Moderna said that it has no intention of sharing its vaccine formula with other firms but is willing to increase its production.
Moderna To Scale Up Its Production
Despite the United Nations health agency urging Moderna to share the formula, executives have been ramping up manufacturing to boost worldwide supplies. Moderna co-founder Noubar Afeyan said that the firm considered sharing the formula but ultimately decided to provide billions of extra doses alone in 2022, as per Newsweek.
Afeyan said that if they can produce high-quality vaccines in a timely manner over the next six to nine months, that will be the most dependable method to do so. In less than a year, the pharmaceutical firm produced over one billion doses.
Meanwhile, in the first quarter, the vaccine generated $1.73 billion in revenue, just three months of usage in the United States and worldwide sales. Moderna's revenue estimate for 2021 has been raised from $18.4 billion to $19.2 billion. Its stock began trading at $16.27 in January 2019 and has since risen to nearly $300 per share, according to a published report in MarketWatch.
Moderna Pledges Not To Enforce Patent Infringement
Afeyan also reaffirmed Moderna's promise from a year ago not to sue anybody else developing a coronavirus vaccine during the pandemic for patent infringement. He said that they do not need to do so and that all they want to do is to assist in combating COVID-19.
Furthermore, last Monday, the firm revealed intentions to build a vaccination factory in Africa. Afeyan expressed the expectation that a decision on the precise site would be made shortly. Even so, getting the plant up and operating may take years, according to a report published in ABC10.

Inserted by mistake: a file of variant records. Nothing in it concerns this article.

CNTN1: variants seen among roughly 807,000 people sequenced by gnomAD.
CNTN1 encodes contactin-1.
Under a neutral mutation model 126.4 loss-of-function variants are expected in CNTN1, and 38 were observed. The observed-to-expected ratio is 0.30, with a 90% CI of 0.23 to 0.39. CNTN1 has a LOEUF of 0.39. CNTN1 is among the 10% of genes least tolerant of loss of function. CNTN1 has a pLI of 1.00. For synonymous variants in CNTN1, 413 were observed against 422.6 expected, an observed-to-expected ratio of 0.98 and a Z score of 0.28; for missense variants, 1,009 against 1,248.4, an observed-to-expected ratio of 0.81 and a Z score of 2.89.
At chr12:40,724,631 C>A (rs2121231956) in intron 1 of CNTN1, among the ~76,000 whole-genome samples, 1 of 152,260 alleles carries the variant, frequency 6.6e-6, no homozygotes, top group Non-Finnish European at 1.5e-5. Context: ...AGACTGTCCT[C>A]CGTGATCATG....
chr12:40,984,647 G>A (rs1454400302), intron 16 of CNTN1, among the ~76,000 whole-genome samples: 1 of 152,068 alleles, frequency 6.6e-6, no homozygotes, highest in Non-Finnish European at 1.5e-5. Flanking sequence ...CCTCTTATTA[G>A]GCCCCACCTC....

Moderna's sole commercial product is the COVID-19 vaccine. Last Monday, the firm revealed intentions to build a vaccination factory in Africa. Afeyan expressed the expectation that a decision on the precise site would be made shortly. Even so, getting the plant up and operating may take years.
Pressure Grew on the U.S. Companies To Share the Technology
Last year's successful competition to create vaccines in a record-breaking amount of time placed firms like Moderna and Pfizer in a very positive light. However, with fewer than 10 percent of people in many impoverished countries properly vaccinated and a scarcity of doses leading to millions of deaths, health authorities in the US and across the world are putting pressure on businesses to do more to solve the worldwide shortfall.
Per The New York Times, according to a senior administration official, the Biden administration has quietly encouraged both Pfizer and Moderna to form joint ventures in which they would license their technology to contract manufacturers with the goal of delivering vaccinations to low- and middle-income countries.
Needless to say, a group of major medicine and vaccine makers from across the globe is writing a letter to President Biden, urging him to push the firms to disclose the formulas and methods used to create their vaccines more aggressively.